in which I begin to reread Middlemarch and find an essential problem with Dorothea Brooke!
Just in time, I've begun to remember how I do love Victorian novels. I love the stuffy preposterousness of the socially acceptable conversations that hide the most passionate intentions. I love the descriptions of little English towns where everyone knows everyone. I love the feeling that there is so much going on beneath the surface of every character, even the minor ones. I love the carefully constructed narratives--I know, I know! How un-Modernist of me! But I can't help it. I'm weak. I love it.
I've got to plough through about 100 pages of Middlemarch in about 20 hours. I can do it. But I've encountered a slight hitch. The heroine, Dorothea Brooke, cannot be my heroine. I can't believe that I didn't remember this from the first time that I read the novel, several summers ago-- (tangent: my afternoon section wanted to know what I had to do for homework so I whipped out Middlemarch to awe them of my reading load; they were not only awed, but absolutely aghast when I mentioned that I had once read it for fun, during my own free time in the summer back when I was their age)--take a look:
Sir James interpreted the heightened color in the way most gratifying to himself, and thought he never saw Miss Brooke looking so handsome.
"I have brought a little petitioner," he said, "or rather, I have brought him to see if he will be approved before his petition is offered." He showed the white object under his arm, which was a tiny Maltese puppy, one of nature's most naive toys.
"It is painful to me to see these creatures that are bred merely as pets," said Dorothea, whose opinion was forming itself that very moment (as opinions will) under the heat of irritation.
"Oh, why?" said Sir James, as they walked forward.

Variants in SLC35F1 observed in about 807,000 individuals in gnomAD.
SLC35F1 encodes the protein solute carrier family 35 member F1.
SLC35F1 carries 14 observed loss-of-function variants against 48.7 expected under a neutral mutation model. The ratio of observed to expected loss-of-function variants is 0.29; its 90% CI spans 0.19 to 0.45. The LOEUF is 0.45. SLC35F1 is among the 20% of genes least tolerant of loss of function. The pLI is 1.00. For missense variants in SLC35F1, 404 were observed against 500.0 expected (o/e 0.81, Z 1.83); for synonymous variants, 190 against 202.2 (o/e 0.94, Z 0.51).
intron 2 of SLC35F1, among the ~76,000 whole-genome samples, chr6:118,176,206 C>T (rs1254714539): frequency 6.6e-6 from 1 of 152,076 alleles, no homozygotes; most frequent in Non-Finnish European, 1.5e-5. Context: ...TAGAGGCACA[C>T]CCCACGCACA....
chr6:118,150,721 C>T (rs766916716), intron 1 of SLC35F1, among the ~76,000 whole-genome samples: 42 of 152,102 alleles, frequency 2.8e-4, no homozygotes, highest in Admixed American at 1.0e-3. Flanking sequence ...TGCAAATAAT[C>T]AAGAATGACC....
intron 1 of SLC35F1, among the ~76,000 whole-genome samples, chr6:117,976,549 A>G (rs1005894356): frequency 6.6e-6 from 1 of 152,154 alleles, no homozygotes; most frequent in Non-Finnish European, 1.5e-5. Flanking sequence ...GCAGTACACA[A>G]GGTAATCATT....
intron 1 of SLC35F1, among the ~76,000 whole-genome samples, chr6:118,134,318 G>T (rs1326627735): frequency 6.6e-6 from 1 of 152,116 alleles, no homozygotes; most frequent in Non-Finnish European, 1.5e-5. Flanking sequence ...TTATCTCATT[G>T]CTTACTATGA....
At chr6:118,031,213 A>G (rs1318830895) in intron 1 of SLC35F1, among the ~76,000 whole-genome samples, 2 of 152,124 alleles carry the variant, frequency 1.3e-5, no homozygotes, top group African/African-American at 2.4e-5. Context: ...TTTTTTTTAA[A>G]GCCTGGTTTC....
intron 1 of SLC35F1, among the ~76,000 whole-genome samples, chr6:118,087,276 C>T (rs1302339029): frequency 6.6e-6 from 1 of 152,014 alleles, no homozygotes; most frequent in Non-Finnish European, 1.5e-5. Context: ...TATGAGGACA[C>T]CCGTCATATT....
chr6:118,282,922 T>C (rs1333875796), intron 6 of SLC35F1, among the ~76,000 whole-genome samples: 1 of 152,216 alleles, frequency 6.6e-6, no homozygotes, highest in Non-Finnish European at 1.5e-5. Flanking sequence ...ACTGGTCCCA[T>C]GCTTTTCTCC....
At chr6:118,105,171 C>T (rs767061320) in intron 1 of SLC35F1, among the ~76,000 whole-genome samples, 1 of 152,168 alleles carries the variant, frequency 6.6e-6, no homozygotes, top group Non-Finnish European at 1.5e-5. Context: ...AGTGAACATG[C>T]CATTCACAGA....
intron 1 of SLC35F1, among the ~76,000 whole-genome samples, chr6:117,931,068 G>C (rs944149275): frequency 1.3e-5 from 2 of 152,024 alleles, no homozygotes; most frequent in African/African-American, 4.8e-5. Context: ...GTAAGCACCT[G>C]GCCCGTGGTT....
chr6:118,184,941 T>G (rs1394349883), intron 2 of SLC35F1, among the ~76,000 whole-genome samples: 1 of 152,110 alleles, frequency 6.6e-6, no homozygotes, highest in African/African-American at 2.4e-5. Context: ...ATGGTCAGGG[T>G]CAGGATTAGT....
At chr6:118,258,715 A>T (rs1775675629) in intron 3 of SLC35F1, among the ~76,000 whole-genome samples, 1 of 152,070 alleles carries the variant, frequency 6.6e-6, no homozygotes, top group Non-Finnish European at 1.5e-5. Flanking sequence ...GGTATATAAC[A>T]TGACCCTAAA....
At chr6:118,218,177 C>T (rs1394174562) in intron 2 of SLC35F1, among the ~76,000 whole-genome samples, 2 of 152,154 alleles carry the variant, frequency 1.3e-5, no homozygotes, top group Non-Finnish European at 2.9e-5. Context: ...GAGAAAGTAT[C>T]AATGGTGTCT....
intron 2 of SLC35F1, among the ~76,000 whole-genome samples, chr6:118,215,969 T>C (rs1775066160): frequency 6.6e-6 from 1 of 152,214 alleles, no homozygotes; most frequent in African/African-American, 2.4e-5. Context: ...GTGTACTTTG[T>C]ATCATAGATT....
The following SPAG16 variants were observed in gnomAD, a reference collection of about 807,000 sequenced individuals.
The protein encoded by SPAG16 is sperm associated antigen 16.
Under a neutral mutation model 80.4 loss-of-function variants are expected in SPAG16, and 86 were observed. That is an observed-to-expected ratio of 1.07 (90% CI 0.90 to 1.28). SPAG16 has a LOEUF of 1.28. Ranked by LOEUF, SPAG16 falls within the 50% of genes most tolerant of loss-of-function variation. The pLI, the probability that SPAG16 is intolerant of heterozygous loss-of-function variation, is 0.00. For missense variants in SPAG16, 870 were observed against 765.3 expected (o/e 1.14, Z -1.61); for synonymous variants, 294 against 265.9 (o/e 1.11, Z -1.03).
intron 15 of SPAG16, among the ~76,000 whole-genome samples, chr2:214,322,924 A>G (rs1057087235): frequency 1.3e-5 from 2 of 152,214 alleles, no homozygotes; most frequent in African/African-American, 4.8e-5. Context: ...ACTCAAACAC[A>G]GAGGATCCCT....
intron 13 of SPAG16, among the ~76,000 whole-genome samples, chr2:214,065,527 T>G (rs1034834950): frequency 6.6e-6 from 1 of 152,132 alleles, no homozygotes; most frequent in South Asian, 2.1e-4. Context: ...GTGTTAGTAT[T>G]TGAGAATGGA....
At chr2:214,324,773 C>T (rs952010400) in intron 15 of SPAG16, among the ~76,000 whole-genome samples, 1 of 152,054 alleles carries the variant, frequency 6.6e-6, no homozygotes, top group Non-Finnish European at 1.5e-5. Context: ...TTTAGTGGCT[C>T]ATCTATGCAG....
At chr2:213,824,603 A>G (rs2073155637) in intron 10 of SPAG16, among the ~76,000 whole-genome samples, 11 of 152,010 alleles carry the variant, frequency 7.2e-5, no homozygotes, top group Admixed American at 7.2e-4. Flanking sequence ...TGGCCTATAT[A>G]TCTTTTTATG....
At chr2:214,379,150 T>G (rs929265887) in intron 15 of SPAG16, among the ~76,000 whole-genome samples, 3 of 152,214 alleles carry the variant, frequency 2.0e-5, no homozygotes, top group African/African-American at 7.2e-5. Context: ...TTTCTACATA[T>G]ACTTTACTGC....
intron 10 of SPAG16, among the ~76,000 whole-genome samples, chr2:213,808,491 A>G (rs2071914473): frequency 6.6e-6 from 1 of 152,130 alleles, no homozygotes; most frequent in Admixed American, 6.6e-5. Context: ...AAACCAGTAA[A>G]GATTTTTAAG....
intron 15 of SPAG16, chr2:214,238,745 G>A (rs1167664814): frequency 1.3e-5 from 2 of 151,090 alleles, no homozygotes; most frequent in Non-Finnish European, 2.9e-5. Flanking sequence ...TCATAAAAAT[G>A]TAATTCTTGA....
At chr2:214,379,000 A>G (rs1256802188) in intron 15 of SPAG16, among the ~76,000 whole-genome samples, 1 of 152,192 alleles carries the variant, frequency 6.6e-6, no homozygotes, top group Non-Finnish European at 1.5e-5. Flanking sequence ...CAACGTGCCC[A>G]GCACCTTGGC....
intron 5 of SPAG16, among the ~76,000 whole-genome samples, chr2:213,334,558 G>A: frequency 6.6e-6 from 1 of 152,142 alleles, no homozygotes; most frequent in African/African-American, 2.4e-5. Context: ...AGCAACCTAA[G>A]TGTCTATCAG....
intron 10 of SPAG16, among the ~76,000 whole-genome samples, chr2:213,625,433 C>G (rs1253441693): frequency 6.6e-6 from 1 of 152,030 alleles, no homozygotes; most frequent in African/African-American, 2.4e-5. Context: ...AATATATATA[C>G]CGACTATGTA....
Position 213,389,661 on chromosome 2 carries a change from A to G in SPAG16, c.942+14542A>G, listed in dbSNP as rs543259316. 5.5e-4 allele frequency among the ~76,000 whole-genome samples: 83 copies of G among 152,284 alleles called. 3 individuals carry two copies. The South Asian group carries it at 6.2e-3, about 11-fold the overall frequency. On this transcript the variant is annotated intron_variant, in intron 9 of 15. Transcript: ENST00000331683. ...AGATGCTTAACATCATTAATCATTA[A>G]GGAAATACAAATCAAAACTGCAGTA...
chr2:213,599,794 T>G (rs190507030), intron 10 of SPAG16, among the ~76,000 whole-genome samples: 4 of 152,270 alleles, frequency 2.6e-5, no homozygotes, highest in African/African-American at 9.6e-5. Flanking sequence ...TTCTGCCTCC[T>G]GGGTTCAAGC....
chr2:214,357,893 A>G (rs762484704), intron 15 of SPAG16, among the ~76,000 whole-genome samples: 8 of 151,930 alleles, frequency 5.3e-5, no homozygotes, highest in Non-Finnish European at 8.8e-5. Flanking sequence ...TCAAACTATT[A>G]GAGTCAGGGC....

"I believe all the petting that is given them does not make them happy. They are too helpless: their lives are too frail. A weasel or a mouse that gets its own living is more interesting. I like to think that the animals about us have souls something like our own, and either carry on their own little affairs or can be companions to us, like Monk here. Those creatures are parasitic."
"I am so glad I know that you do not like them," said good Sir James. "I should never keep them for myself, but ladies usually are fond of these Maltese dogs. Here, John, take this dog, will you?"
The objectionable puppy, whose nose and eyes were equally black and expressive, was thus got rid of, since Miss Brooke decided that it had better not have been born.
(from Chapter 3, Middlemarch, by George Eliot)
If you know me, and know consequently how much I love dogs, then you will understand that I was quite distraught at this passage! Henceforth, I have resolved not to like Dorothea. To find such a puppy--"whose nose and eyes were equally black and expressive"--so "objecctionable" and allow him to be cast aside so thoughtless! Oh! How heartless must she be! Capital offense. I am not even exaggerating.
In other news, it was quite windy today. I got dressed.
tights: Sock Dreams
scarf: via my mum
bag: via my mum--her high school graduation present back in the 70s!
Meanwhile, my students are giving speeches this week and I am generally impressed. They will all see the midterm averages that I gave them go up, I suspect. I'm waiting to see all the ladies break out the UGGs and sweatpants look. Ha.